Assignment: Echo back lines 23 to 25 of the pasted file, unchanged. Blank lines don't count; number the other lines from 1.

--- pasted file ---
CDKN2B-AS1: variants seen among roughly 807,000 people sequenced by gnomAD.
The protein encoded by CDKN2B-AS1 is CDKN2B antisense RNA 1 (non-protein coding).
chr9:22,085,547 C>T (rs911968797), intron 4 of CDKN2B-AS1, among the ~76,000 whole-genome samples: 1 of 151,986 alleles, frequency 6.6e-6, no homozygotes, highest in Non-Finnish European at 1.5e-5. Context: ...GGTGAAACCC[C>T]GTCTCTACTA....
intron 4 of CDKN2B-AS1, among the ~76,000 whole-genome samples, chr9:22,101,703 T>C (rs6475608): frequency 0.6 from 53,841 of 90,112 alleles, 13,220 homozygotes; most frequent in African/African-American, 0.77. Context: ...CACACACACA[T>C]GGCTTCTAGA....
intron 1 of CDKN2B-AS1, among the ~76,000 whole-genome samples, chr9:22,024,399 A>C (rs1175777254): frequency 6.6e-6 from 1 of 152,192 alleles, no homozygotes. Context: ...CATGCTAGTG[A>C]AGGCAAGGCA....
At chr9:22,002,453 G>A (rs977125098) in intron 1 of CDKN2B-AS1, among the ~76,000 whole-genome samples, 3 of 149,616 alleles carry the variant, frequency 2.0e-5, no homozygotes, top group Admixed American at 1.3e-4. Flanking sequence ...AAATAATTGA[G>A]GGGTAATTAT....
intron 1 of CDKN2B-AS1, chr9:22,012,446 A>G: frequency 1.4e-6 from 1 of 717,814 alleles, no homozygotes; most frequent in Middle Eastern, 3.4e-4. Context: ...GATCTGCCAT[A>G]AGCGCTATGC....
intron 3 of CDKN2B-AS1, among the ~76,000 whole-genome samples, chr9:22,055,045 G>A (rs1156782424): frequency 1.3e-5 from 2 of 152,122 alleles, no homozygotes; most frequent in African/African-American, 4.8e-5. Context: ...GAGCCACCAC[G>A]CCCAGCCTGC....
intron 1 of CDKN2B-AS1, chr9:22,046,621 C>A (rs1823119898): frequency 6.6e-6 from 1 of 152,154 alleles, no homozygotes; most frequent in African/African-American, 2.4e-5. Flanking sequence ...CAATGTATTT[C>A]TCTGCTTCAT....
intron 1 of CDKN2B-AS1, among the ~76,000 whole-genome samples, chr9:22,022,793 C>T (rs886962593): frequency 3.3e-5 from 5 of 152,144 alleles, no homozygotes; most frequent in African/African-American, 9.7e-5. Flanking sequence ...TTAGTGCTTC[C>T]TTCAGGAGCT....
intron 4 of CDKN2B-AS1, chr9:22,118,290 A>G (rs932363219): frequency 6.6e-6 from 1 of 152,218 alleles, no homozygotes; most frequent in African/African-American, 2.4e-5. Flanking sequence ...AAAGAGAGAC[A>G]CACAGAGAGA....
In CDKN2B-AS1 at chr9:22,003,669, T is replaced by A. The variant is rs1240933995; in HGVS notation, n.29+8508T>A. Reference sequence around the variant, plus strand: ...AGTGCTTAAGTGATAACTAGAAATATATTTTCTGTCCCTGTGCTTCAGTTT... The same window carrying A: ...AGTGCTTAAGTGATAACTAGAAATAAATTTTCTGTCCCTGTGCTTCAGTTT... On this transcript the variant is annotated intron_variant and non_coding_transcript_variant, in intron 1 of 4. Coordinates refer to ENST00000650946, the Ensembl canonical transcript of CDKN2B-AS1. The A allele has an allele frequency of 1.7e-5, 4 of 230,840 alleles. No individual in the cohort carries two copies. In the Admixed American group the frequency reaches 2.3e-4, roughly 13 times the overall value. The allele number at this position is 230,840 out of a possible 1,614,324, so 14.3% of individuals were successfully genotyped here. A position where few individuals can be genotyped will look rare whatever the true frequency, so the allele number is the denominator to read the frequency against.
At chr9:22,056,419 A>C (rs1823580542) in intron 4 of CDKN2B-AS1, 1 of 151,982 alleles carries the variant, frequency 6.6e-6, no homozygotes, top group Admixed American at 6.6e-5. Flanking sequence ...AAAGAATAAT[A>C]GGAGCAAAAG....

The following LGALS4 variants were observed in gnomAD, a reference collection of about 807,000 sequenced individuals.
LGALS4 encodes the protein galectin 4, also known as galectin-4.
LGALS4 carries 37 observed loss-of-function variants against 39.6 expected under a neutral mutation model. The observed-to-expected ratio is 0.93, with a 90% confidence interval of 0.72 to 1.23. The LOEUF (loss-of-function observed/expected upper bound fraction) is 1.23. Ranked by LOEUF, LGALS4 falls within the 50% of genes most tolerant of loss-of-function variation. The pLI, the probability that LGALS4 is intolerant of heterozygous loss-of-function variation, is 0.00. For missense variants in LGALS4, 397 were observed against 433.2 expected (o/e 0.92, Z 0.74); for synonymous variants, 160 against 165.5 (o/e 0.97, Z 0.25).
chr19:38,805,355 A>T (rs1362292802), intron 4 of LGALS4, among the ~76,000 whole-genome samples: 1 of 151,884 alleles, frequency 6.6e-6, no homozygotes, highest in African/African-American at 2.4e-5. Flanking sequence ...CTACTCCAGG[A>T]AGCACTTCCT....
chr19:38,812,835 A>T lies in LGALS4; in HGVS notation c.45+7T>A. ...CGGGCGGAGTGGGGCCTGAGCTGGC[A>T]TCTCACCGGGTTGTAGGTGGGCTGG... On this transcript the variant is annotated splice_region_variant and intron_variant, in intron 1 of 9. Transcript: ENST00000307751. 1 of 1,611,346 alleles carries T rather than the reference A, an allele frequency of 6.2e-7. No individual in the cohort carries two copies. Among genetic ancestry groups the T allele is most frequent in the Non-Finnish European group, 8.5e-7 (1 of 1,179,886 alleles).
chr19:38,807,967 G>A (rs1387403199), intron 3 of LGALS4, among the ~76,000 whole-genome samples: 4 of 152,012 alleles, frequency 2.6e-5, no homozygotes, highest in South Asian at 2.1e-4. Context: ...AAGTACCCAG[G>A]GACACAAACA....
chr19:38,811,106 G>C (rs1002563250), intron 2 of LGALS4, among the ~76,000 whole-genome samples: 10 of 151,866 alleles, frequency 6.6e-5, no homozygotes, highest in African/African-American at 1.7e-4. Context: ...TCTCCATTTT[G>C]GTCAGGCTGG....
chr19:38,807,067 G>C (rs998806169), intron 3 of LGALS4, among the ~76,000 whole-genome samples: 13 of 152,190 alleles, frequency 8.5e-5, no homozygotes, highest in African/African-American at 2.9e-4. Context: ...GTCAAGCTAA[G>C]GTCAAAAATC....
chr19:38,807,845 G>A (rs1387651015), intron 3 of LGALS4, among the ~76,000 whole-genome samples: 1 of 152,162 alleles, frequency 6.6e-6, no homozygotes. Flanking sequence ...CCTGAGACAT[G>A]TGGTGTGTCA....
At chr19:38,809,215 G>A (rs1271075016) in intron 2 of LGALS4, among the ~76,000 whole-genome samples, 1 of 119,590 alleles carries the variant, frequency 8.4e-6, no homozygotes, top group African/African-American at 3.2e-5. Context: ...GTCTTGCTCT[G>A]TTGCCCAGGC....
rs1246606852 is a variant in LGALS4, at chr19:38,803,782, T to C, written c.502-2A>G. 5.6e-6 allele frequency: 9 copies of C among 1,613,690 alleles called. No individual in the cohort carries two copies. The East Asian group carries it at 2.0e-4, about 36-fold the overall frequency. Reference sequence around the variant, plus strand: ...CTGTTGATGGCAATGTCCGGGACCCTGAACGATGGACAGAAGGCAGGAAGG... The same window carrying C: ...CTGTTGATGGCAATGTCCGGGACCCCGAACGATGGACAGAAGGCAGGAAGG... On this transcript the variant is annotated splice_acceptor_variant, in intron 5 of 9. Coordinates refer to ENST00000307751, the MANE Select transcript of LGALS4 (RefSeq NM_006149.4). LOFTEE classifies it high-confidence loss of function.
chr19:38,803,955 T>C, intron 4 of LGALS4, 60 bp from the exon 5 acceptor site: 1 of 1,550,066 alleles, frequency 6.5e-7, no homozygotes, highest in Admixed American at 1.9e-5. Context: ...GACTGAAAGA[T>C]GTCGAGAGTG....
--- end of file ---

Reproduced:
At chr19:38,809,215 G>A (rs1271075016) in intron 2 of LGALS4, among the ~76,000 whole-genome samples, 1 of 119,590 alleles carries the variant, frequency 8.4e-6, no homozygotes, top group African/African-American at 3.2e-5. Context: ...GTCTTGCTCT[G>A]TTGCCCAGGC....
rs1246606852 is a variant in LGALS4, at chr19:38,803,782, T to C, written c.502-2A>G. 5.6e-6 allele frequency: 9 copies of C among 1,613,690 alleles called. No individual in the cohort carries two copies. The East Asian group carries it at 2.0e-4, about 36-fold the overall frequency. Reference sequence around the variant, plus strand: ...CTGTTGATGGCAATGTCCGGGACCCTGAACGATGGACAGAAGGCAGGAAGG... The same window carrying C: ...CTGTTGATGGCAATGTCCGGGACCCCGAACGATGGACAGAAGGCAGGAAGG... On this transcript the variant is annotated splice_acceptor_variant, in intron 5 of 9. Coordinates refer to ENST00000307751, the MANE Select transcript of LGALS4 (RefSeq NM_006149.4). LOFTEE classifies it high-confidence loss of function.
chr19:38,803,955 T>C, intron 4 of LGALS4, 60 bp from the exon 5 acceptor site: 1 of 1,550,066 alleles, frequency 6.5e-7, no homozygotes, highest in Admixed American at 1.9e-5. Context: ...GACTGAAAGA[T>C]GTCGAGAGTG....